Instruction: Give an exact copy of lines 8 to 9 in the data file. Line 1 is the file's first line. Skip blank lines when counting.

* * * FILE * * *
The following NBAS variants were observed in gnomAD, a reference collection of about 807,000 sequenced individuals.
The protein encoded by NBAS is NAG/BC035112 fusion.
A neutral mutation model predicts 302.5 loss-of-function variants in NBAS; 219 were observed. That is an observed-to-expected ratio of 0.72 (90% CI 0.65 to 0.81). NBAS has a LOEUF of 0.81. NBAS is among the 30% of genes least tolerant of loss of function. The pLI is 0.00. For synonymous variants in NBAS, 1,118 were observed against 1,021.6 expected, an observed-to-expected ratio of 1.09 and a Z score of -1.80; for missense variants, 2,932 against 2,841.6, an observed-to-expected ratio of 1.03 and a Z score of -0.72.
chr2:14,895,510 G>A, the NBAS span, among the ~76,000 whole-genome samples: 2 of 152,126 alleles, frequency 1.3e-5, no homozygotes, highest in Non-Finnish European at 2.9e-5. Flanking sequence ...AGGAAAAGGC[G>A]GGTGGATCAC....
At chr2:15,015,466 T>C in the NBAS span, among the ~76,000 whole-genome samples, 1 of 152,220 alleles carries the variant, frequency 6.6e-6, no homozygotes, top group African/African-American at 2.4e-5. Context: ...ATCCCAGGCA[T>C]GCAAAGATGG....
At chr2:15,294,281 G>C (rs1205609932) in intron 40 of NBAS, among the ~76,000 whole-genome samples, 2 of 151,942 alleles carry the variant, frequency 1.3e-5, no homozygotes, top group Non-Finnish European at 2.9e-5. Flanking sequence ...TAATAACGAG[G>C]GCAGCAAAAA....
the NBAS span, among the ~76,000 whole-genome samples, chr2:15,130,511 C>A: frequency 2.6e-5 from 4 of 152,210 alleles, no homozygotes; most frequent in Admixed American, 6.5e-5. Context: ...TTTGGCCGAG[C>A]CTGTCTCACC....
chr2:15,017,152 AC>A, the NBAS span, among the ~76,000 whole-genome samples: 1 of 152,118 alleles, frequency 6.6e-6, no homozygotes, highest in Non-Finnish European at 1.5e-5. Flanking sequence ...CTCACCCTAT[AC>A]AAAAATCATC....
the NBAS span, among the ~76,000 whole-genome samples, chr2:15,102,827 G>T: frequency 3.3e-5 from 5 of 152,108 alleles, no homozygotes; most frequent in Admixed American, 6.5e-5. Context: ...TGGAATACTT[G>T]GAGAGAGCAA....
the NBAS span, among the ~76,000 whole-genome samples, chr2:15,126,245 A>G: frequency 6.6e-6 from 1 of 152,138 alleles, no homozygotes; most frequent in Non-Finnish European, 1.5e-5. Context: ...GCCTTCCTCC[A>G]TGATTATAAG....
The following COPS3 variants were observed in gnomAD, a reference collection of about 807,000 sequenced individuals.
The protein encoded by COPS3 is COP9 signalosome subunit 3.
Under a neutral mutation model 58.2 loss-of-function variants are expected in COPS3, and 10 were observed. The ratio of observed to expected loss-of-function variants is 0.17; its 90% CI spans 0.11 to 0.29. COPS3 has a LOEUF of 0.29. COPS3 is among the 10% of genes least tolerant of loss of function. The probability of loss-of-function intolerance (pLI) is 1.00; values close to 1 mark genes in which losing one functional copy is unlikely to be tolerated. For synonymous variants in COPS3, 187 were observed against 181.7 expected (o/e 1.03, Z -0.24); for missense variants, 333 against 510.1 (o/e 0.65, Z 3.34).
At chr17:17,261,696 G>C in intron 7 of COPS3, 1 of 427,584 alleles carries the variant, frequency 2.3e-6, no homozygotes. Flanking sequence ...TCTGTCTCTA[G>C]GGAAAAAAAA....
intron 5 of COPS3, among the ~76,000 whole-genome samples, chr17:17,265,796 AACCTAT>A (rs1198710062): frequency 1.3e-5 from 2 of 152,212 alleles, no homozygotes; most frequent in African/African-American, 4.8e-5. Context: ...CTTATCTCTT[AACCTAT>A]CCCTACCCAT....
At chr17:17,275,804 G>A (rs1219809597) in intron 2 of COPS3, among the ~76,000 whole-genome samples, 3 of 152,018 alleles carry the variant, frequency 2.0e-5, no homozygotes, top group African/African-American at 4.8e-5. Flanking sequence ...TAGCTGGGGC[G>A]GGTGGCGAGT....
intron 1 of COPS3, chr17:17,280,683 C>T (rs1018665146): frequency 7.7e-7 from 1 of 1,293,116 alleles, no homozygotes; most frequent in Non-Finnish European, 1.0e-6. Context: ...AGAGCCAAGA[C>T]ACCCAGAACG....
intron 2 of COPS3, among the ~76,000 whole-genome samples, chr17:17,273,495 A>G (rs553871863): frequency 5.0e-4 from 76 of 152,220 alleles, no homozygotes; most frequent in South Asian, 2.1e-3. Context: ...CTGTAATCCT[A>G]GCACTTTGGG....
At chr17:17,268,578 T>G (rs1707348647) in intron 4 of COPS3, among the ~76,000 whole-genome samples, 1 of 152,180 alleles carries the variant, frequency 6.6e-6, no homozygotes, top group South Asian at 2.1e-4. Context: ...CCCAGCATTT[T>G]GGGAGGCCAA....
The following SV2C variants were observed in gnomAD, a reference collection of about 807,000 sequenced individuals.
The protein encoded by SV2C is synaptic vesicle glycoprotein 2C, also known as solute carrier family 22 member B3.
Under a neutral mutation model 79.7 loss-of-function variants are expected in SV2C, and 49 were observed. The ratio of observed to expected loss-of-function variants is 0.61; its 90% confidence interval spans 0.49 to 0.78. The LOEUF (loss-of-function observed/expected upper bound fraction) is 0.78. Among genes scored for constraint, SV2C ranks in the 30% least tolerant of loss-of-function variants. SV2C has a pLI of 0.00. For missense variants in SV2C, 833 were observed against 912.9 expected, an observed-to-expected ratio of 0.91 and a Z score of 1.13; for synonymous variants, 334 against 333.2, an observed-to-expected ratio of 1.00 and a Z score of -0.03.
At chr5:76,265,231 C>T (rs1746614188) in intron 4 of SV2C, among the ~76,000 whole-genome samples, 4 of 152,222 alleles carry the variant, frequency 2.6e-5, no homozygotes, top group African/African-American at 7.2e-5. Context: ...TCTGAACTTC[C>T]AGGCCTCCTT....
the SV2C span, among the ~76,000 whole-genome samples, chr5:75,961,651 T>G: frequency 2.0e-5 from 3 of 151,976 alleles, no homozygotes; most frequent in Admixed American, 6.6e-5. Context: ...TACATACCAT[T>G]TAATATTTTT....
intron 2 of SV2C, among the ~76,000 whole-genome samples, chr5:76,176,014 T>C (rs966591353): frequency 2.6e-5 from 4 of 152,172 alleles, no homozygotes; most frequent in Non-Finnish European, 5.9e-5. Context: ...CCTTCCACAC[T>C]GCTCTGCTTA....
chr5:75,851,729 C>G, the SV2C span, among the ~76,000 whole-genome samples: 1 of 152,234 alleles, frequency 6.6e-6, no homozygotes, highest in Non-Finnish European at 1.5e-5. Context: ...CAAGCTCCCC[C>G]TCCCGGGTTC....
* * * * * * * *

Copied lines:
chr2:15,017,152 AC>A, the NBAS span, among the ~76,000 whole-genome samples: 1 of 152,118 alleles, frequency 6.6e-6, no homozygotes, highest in Non-Finnish European at 1.5e-5. Flanking sequence ...CTCACCCTAT[AC>A]AAAAATCATC....
the NBAS span, among the ~76,000 whole-genome samples, chr2:15,102,827 G>T: frequency 3.3e-5 from 5 of 152,108 alleles, no homozygotes; most frequent in Admixed American, 6.5e-5. Context: ...TGGAATACTT[G>T]GAGAGAGCAA....